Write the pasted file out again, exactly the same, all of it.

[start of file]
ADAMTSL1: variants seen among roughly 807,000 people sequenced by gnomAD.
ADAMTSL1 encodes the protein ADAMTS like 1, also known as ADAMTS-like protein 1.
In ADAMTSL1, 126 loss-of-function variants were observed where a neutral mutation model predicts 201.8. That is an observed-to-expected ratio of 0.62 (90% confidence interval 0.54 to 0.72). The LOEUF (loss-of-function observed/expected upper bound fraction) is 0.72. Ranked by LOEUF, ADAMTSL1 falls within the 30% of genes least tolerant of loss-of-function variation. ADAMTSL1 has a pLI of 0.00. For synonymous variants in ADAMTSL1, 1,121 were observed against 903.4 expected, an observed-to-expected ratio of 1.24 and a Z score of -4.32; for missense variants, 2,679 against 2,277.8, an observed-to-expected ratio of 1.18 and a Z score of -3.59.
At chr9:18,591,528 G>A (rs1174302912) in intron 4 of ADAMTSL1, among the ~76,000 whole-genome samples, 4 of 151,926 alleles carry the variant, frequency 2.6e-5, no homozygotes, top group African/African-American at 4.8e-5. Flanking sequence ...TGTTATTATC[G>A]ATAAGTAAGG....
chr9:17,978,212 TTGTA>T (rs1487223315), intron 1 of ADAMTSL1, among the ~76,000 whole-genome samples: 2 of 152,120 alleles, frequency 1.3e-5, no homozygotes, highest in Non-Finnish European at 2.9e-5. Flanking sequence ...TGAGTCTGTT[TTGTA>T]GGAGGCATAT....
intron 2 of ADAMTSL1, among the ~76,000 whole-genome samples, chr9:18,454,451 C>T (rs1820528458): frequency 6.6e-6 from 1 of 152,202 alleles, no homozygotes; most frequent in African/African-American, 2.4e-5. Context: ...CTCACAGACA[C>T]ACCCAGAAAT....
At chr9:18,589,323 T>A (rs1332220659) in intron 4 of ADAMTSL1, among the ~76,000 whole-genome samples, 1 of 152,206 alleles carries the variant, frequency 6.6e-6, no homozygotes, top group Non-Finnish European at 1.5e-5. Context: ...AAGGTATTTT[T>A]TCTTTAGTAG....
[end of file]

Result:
ADAMTSL1: variants seen among roughly 807,000 people sequenced by gnomAD.
ADAMTSL1 encodes the protein ADAMTS like 1, also known as ADAMTS-like protein 1.
In ADAMTSL1, 126 loss-of-function variants were observed where a neutral mutation model predicts 201.8. That is an observed-to-expected ratio of 0.62 (90% confidence interval 0.54 to 0.72). The LOEUF (loss-of-function observed/expected upper bound fraction) is 0.72. Ranked by LOEUF, ADAMTSL1 falls within the 30% of genes least tolerant of loss-of-function variation. ADAMTSL1 has a pLI of 0.00. For synonymous variants in ADAMTSL1, 1,121 were observed against 903.4 expected, an observed-to-expected ratio of 1.24 and a Z score of -4.32; for missense variants, 2,679 against 2,277.8, an observed-to-expected ratio of 1.18 and a Z score of -3.59.
At chr9:18,591,528 G>A (rs1174302912) in intron 4 of ADAMTSL1, among the ~76,000 whole-genome samples, 4 of 151,926 alleles carry the variant, frequency 2.6e-5, no homozygotes, top group African/African-American at 4.8e-5. Flanking sequence ...TGTTATTATC[G>A]ATAAGTAAGG....
chr9:17,978,212 TTGTA>T (rs1487223315), intron 1 of ADAMTSL1, among the ~76,000 whole-genome samples: 2 of 152,120 alleles, frequency 1.3e-5, no homozygotes, highest in Non-Finnish European at 2.9e-5. Flanking sequence ...TGAGTCTGTT[TTGTA>T]GGAGGCATAT....
intron 2 of ADAMTSL1, among the ~76,000 whole-genome samples, chr9:18,454,451 C>T (rs1820528458): frequency 6.6e-6 from 1 of 152,202 alleles, no homozygotes; most frequent in African/African-American, 2.4e-5. Context: ...CTCACAGACA[C>T]ACCCAGAAAT....
At chr9:18,589,323 T>A (rs1332220659) in intron 4 of ADAMTSL1, among the ~76,000 whole-genome samples, 1 of 152,206 alleles carries the variant, frequency 6.6e-6, no homozygotes, top group Non-Finnish European at 1.5e-5. Context: ...AAGGTATTTT[T>A]TCTTTAGTAG....